Interestingly, though, one principle I stick to is to limit the number of people on the immediate organizing/planning team. For HILT this year, we’ve got an immediate planning team of two (my co-director and myself) that is supported internally by two other people. Our business director Michelle Pridmore handles all the university paperwork (honorarium processing, contractual agreements, and balancing our books). Our graphic designer Kirsten Keister handles all the graphics and swag work. She did our logo, our initial website, and designs all the t-shirts and other goodies we give away. They are both super reliable and are really good at executing their duties. I assign them what I need them to do with a due date and get it back done completely and perfectly.
Outside of MITH, we tap contractors to help us out. This year, we’ve got two housing people (one for campus dorms and one for our hotel block), one tech person (for our computer labs in McKeldin Library), one transportation guy (for our shuttle bus) and a handful of vendors we are using for meals. Generally, I send them requests, they execute, and we iterate as needed. But by and large, they care nothing about the event and don’t know anything about any other planning details other than their own.
Trevor and I get advice from others (former and current instructors, UMD folks, etc) but all decisions are made by the two of us. If we disagree, we debate it, set a deadline for a decision, and (if needed) rotate whose turn it is to “win”. We also try to make decisions as early as possible…even if it means we may need to revisit them later on. Usually those decisions will hold up over time. If they don’t, we at least have a fall back if need.
Principle 4: Create Teams with Specific Tasks
Even though I’ve just told you I prefer very small planning teams, the reality is large events usually also have large organizing teams. So, as principle four, create teams with a clear reporting line. Once you’ve decided on the type of experience you want people to have you should create teams. Often they are: programming, housing, publicity/promotions, business, space, etc.
No matter what teams you create, one person should be in charge of organizing the team and reporting on their efforts back to the primary organizer(s). Importantly, the primary organizer should create a rules of the road for each team that spells out their specific tasks and due dates for those tasks. For HILT, we use a combination of basecamp and google docs…as well as my brain since we are such a small group. But for other large events, asking teams to do their work inside something like basecamp is useful for monitoring purposes. You need the teams to talk to one another but you don’t want to be the one doing that talking for everyone. So, use technology to your benefit. This way, if someone has an issue everyone can weigh in as needed.
Principle 5: Have An Ultimate Authority
Just like a wedding where the mother of the bride and the mother of groom can each want their say, so too can large events turn into political nightmares where everyone wants things done their way. In my time, I’ve seen some major politicking around even the tiniest of decisions—like what types of coffee will be served and when. That kind of nitpicking might be important but it can also cause major problems.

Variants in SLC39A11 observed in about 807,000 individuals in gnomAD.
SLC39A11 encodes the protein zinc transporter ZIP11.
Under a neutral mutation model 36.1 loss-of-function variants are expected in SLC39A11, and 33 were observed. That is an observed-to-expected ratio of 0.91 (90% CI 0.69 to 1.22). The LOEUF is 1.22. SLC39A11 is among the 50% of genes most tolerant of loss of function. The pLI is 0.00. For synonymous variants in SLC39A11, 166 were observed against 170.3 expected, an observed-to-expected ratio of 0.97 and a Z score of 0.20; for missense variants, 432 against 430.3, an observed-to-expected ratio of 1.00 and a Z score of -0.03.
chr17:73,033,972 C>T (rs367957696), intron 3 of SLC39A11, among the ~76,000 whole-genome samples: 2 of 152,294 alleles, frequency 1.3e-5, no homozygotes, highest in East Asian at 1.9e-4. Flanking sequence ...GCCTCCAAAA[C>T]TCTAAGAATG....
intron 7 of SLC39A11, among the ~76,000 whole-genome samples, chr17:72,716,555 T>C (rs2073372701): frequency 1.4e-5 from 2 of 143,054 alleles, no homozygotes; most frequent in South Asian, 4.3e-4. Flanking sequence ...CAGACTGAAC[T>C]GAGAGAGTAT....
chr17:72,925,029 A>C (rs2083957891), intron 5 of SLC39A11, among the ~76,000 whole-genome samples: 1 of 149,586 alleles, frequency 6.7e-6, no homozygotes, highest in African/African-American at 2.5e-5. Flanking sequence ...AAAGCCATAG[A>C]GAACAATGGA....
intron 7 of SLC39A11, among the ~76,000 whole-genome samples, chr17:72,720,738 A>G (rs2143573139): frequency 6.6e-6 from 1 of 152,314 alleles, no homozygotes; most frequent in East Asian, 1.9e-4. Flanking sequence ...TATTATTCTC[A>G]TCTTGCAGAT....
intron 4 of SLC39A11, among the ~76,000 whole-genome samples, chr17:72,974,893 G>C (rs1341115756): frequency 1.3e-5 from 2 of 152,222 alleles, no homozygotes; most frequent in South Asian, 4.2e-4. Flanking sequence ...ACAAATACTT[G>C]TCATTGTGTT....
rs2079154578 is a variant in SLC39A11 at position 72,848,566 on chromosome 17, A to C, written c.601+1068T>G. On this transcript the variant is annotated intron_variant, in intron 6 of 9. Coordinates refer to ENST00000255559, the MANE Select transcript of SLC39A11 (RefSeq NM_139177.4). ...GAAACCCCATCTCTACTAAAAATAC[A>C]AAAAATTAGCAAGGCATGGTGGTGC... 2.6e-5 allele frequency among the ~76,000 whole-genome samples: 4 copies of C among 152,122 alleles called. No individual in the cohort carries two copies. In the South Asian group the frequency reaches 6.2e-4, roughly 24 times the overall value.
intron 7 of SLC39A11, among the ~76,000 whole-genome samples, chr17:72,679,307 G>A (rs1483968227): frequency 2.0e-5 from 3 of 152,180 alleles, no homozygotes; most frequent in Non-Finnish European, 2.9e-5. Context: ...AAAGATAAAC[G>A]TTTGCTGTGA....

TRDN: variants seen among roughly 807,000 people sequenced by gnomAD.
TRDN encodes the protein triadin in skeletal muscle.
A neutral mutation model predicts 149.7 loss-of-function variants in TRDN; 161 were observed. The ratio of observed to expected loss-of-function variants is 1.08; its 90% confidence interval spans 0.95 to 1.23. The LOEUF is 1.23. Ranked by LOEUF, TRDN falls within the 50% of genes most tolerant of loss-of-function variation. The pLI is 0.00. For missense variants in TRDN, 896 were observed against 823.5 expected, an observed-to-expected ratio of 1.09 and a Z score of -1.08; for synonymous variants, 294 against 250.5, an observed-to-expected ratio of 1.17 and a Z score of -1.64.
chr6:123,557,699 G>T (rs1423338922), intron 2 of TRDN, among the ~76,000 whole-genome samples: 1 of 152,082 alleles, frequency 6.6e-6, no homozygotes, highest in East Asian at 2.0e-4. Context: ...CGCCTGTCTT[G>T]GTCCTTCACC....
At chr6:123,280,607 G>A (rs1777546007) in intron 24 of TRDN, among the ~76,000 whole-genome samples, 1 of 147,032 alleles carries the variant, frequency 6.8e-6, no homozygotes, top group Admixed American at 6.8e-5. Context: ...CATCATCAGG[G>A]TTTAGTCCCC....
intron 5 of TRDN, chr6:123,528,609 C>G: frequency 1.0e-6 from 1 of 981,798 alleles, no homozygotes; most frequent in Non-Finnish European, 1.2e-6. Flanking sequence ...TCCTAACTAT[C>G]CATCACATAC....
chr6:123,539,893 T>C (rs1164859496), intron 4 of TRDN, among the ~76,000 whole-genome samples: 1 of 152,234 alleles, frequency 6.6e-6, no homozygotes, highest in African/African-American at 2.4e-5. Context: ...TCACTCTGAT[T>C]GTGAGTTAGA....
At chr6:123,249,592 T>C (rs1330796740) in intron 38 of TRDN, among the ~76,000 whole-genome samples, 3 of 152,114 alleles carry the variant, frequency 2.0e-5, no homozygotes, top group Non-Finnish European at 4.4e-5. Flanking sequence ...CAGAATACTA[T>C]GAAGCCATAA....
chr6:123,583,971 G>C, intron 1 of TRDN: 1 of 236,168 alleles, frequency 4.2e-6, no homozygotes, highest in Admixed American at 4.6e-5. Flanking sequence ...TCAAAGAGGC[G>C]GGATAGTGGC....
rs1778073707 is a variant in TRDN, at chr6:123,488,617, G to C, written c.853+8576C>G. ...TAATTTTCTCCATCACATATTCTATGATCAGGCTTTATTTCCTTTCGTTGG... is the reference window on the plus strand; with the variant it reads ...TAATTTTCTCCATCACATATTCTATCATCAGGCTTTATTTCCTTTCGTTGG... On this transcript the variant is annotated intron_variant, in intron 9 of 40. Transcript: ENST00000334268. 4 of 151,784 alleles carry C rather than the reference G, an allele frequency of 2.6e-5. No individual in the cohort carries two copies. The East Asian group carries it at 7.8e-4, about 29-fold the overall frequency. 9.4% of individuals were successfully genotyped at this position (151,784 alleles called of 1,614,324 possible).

For this reason, every large event needs an ultimate authority who can operate with the largest measure of autonomy. Sometimes, that ultimate authority is one of the primary organizers but it can also be someone outside the planning process who serves as mediator/ombudsman. Everyone on the planning team needs to agree when they join that the ultimate authority is just that—ultimate. You might not like the decision but you’ve gotta move on.
Principle 6: Have a Budget and Stick to It
I’m always amazed at the number of people who start planning a large event by talking about how to raise money. I start planning a large event by figuring out what the cost is for the bare minimum of an event AND how to cover that cost only through registration fees or gratis services. That bare minimum is usually the 60% content portion of the event. How much will it cost to bring X number of speakers, use X number of spaces, pay for X number of name badges etc.
Once I figure out that bare minimum, I then have to figure out how many attendees I would need to cover the costs of the 60%. For conferences, you can usually count on 60% of attendees from the previous year attending an event. That figure can go up or down based on location, travel costs, and time of year, but for planning purposes, if last year’s event brought in 200 people, you can figure this one will bring in 120 or so.
If you are just running an event for the first time, I generally ask others who have run events of the same type what they’ve had in terms of attendance figures. Another good way to ballpark attendance is to just ask your social network informally whether they’d attend an event at the time and location you are planning for.
Once I’ve got an attendee estimate, I then add on the 20% budget for socializing and the 20% budget for special events. At that point, I’ve got a break even cost that I need to meet with the number of attendees and the income per attendee. At that point, I then start seeking donations to drop costs for the attendees. This can be in whatever increments work best for you. Don’t forget though that you can ask for non-monetary support.